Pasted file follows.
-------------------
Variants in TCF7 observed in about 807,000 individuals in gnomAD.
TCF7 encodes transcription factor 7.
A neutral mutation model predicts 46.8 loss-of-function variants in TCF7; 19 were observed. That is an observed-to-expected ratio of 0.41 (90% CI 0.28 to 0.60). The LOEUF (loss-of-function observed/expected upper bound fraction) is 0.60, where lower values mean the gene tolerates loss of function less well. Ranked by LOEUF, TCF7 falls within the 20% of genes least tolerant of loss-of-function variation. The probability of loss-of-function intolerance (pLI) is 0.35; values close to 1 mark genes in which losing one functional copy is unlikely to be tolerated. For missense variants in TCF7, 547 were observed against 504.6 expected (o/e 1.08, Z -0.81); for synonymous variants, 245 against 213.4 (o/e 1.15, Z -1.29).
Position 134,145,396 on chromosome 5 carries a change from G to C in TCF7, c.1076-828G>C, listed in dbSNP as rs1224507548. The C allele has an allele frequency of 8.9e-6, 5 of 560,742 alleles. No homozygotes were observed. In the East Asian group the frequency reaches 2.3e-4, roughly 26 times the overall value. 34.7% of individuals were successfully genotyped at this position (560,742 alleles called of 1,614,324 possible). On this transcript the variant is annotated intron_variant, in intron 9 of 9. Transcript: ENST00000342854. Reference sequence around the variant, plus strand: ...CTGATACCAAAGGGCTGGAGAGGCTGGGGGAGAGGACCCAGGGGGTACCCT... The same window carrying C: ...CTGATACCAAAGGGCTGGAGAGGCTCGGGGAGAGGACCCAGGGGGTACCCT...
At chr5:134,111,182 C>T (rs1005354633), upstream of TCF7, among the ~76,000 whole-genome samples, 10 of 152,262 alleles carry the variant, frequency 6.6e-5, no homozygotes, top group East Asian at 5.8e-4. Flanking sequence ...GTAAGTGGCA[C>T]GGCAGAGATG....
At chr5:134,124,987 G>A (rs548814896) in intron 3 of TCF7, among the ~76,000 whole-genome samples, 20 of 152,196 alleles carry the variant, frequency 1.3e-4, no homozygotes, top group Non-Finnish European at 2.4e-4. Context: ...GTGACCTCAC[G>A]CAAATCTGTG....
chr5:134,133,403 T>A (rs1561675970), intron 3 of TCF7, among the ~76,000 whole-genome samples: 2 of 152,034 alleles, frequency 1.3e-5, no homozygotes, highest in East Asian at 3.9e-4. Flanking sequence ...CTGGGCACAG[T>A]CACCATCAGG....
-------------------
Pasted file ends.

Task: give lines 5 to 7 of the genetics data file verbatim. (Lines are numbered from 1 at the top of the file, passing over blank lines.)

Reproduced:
At chr5:134,111,182 C>T (rs1005354633), upstream of TCF7, among the ~76,000 whole-genome samples, 10 of 152,262 alleles carry the variant, frequency 6.6e-5, no homozygotes, top group East Asian at 5.8e-4. Flanking sequence ...GTAAGTGGCA[C>T]GGCAGAGATG....
At chr5:134,124,987 G>A (rs548814896) in intron 3 of TCF7, among the ~76,000 whole-genome samples, 20 of 152,196 alleles carry the variant, frequency 1.3e-4, no homozygotes, top group Non-Finnish European at 2.4e-4. Context: ...GTGACCTCAC[G>A]CAAATCTGTG....
chr5:134,133,403 T>A (rs1561675970), intron 3 of TCF7, among the ~76,000 whole-genome samples: 2 of 152,034 alleles, frequency 1.3e-5, no homozygotes, highest in East Asian at 3.9e-4. Flanking sequence ...CTGGGCACAG[T>A]CACCATCAGG....